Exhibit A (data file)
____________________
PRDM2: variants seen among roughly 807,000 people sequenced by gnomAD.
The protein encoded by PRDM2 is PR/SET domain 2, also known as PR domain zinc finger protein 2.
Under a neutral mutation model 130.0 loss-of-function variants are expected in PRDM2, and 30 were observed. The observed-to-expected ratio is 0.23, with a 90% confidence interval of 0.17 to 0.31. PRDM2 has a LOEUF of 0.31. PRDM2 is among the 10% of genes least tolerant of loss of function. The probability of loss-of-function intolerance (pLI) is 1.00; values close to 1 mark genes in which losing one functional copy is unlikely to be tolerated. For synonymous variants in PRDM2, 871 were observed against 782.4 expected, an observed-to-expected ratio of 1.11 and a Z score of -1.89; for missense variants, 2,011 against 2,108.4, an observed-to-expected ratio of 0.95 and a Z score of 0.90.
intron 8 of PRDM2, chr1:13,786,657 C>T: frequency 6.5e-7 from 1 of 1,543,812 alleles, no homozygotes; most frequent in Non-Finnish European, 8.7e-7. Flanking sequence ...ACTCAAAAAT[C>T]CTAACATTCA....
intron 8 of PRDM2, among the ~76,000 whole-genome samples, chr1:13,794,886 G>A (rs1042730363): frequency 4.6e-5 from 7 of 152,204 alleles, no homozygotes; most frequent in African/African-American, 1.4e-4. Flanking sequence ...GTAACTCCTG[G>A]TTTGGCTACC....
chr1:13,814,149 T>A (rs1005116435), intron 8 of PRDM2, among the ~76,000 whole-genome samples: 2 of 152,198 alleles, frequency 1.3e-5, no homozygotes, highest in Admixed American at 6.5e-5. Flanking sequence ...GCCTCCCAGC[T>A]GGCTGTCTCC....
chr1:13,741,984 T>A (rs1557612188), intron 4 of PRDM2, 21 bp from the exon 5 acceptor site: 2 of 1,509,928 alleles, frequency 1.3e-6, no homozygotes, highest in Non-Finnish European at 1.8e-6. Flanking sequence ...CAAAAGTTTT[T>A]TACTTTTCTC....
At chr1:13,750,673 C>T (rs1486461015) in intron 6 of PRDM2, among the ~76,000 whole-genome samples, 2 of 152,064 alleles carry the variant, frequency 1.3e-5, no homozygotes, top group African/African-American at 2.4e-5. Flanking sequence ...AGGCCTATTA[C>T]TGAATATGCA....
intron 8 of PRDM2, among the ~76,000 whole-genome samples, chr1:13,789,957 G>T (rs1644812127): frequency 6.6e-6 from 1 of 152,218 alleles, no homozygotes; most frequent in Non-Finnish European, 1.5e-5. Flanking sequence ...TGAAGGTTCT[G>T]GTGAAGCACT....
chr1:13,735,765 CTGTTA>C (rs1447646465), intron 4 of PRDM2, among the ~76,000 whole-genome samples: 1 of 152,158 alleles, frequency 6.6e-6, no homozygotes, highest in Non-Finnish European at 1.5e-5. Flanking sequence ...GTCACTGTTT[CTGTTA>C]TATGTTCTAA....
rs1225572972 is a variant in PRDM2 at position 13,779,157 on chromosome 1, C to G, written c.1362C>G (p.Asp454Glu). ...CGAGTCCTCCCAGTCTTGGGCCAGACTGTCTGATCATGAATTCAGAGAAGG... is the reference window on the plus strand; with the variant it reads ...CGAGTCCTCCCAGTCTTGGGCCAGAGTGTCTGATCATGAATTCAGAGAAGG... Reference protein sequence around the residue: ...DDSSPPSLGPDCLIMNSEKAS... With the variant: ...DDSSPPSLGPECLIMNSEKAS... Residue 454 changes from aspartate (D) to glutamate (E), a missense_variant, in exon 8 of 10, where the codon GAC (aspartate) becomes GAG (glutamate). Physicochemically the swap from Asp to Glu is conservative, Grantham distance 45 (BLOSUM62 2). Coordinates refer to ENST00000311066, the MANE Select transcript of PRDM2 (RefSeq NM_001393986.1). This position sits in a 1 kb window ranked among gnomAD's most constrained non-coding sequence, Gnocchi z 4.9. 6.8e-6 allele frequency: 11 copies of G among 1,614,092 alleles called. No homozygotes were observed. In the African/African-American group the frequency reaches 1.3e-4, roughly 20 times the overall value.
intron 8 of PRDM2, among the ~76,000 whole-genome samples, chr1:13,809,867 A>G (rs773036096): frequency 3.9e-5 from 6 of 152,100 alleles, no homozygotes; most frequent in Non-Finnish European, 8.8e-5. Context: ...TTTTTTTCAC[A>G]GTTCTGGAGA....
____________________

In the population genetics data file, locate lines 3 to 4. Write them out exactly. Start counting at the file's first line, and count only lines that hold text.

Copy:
Under a neutral mutation model 130.0 loss-of-function variants are expected in PRDM2, and 30 were observed. The observed-to-expected ratio is 0.23, with a 90% confidence interval of 0.17 to 0.31. PRDM2 has a LOEUF of 0.31. PRDM2 is among the 10% of genes least tolerant of loss of function. The probability of loss-of-function intolerance (pLI) is 1.00; values close to 1 mark genes in which losing one functional copy is unlikely to be tolerated. For synonymous variants in PRDM2, 871 were observed against 782.4 expected, an observed-to-expected ratio of 1.11 and a Z score of -1.89; for missense variants, 2,011 against 2,108.4, an observed-to-expected ratio of 0.95 and a Z score of 0.90.
intron 8 of PRDM2, chr1:13,786,657 C>T: frequency 6.5e-7 from 1 of 1,543,812 alleles, no homozygotes; most frequent in Non-Finnish European, 8.7e-7. Flanking sequence ...ACTCAAAAAT[C>T]CTAACATTCA....